Zip Guns and Two Enterprising Entrepreneurs

Before you get to the article…

On February 23, 2018, my book on the Mau Maus and Sand Street Angels, who were two Brooklyn youth gangs from the 1950s, has been completed.  It took 15 years of research and writing to complete Brooklyn Rumble: Mau Maus, Sand Street Angels, and the End of an Era.  This book is roughly 6″x9″ and has 370 pages and includes a look at the characters in the Mau Maus and the details of a gang killing that happened in February 1959 in front of the iconic Brooklyn Paramount Theater (now Long Island University).  If you want to buy a copy, click here and this link will take you to an online ordering page.


Fighting gangs from New York City in the 1950s used so many different weapons, but I want to zero in on zip guns, a weapon that every gang had at least one of, and sometimes more.  Often times gang members were too poor to buy a hand gun so they used their ingenious know-how in constructing home-made guns out of rubber bands, a coat hanger and a car aerial.  Sometimes zip guns were constructed from toy pistols that could be obtained from department stores.  One person explained he made his from a toy derringer, a section of car antenna, a screw through a hole drilled in the hammer, and piano wire wrapped tightly around it all to keep it from exploding.  The guns themselves were very inaccurate, and couldn’t really be counted on unless in very close quarters.  Despite their inaccuracy, they were still dangerous and I was able to find a couple of times where a zip gun actually killed someone.

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In addition to being inaccurate, zip guns were very dangerous, possibly more dangerous to the operator than the one being shot at.  Sometimes the gun would explode in the shooter’s hand or backfire, blinding the shooter.  One person I spoke to personally bandaged four zip gun bullet wounds.  He recalled that “in one case when the gun was fired, the shell ejected back into the hand of the shooter and damaged his thumb.”  The second time the “rubber band powered bolt was being pulled back into firing position [and] it released accidentally, firing the bullet into the gang member’s thigh.”  The bullet passed entirely through so the entry and exit point were bandaged.  In another identical incident, the gun fired as .22 caliber bird shot was being loaded.  It lodged into the stomach of another gang member across from him.  Alcohol was applied to the many wounds, and fortunately no serious damage was done.  Even though they were notorious for being very inaccurate and dangerous, gangs were still packing zip guns in their fights and ambushes.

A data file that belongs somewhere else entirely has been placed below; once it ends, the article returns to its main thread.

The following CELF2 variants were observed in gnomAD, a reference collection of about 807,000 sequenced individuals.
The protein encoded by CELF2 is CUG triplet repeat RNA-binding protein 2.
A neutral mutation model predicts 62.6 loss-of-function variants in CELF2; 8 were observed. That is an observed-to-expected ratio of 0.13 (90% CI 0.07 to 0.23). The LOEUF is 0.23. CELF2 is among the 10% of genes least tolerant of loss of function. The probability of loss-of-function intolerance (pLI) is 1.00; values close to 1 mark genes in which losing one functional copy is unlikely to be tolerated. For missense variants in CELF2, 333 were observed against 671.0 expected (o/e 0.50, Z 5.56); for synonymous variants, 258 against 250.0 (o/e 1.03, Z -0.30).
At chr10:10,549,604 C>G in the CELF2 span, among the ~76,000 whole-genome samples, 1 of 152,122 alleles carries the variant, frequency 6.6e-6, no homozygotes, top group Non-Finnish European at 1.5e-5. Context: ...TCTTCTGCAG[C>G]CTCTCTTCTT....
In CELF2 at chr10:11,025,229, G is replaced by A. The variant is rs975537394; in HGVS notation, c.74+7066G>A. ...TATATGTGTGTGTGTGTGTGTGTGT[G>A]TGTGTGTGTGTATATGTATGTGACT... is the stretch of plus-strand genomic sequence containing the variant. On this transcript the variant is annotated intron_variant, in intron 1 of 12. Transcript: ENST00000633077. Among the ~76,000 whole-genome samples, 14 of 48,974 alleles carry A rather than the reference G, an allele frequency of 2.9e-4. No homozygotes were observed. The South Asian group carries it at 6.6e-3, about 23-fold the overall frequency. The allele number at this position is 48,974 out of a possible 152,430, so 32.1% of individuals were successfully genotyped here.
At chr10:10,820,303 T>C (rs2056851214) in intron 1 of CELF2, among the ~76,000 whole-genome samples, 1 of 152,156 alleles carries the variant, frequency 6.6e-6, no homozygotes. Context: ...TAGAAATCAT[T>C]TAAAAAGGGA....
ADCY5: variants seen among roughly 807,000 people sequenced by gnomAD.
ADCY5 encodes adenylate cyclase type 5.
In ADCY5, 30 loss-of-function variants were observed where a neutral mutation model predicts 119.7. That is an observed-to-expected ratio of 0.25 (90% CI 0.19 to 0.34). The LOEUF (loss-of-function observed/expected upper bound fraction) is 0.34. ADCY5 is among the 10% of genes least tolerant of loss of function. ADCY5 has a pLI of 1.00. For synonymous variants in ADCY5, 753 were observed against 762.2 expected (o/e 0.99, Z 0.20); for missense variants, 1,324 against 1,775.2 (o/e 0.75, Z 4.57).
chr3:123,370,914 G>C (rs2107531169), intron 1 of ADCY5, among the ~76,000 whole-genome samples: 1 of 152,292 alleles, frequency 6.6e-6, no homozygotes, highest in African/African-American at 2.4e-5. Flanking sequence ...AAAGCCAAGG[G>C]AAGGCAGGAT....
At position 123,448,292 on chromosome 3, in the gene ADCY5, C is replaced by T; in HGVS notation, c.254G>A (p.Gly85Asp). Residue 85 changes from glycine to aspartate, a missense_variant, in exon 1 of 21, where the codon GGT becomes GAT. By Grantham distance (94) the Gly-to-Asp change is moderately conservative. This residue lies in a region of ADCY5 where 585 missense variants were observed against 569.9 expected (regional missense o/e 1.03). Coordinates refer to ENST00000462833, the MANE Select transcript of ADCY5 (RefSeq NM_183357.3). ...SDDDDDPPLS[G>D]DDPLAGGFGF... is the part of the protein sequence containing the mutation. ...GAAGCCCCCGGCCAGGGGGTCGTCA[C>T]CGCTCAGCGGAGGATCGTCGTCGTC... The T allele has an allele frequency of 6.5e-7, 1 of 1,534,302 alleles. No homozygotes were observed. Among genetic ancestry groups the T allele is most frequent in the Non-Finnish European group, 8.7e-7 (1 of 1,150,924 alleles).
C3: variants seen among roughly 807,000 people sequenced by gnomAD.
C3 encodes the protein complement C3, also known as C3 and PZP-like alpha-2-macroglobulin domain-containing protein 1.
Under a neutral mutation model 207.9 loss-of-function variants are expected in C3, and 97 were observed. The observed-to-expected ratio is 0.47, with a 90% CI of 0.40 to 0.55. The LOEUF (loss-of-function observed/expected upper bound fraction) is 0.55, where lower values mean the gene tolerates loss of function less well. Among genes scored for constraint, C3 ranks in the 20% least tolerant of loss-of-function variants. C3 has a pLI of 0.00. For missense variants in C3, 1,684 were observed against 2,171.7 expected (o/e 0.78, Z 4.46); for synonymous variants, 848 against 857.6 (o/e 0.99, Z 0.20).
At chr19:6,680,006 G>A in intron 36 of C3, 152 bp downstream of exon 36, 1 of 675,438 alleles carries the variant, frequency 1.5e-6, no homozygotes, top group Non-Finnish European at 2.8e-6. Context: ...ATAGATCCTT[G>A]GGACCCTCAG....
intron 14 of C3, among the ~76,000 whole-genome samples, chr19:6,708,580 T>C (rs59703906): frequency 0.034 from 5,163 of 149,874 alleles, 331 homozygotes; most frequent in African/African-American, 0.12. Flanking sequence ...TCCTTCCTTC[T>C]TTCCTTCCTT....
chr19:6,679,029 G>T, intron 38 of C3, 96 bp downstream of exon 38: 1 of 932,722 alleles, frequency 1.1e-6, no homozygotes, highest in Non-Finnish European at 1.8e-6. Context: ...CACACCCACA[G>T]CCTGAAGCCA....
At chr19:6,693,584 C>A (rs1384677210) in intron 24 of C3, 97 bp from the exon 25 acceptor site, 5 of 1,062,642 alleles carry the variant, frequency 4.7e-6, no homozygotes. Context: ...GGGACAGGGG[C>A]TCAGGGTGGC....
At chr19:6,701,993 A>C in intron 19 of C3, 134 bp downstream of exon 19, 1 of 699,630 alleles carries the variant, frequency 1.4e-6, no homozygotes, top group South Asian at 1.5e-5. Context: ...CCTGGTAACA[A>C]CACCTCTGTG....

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Some boys were very adept at making zip guns, even making them under the very noses of their teachers in shop class at school.  The guns could shoot .22 caliber bullets, although nails and pins could also be used as ammunition.  The New York Times had an interesting article on two brothers who were caught selling zip guns to a Bronx gang called the Bronx Sportsmen.  At the moment of their arrest, the brothers admitted they were in the process of filling an order for twelve zip guns.  Another boy they had sold a zip gun to – and who led the police to the gunsmith brothers – admitted to the police that he was intending to use the gun to kill a rival member of a gang.  Unfortunately the article did not report how much they were planning on selling each gun for.

Obtaining ammunition for a zip gun was difficult but not impossible.  If the person looking to buy the ammo looked old enough, bullets could be purchased at a sporting goods store, or, if that didn’t work, at amusement-arcade shooting galleries.  One member from a Manhattan Upper East Side gang explained how he was able to get .22 caliber bullets at a shooting arcade without anybody noticing: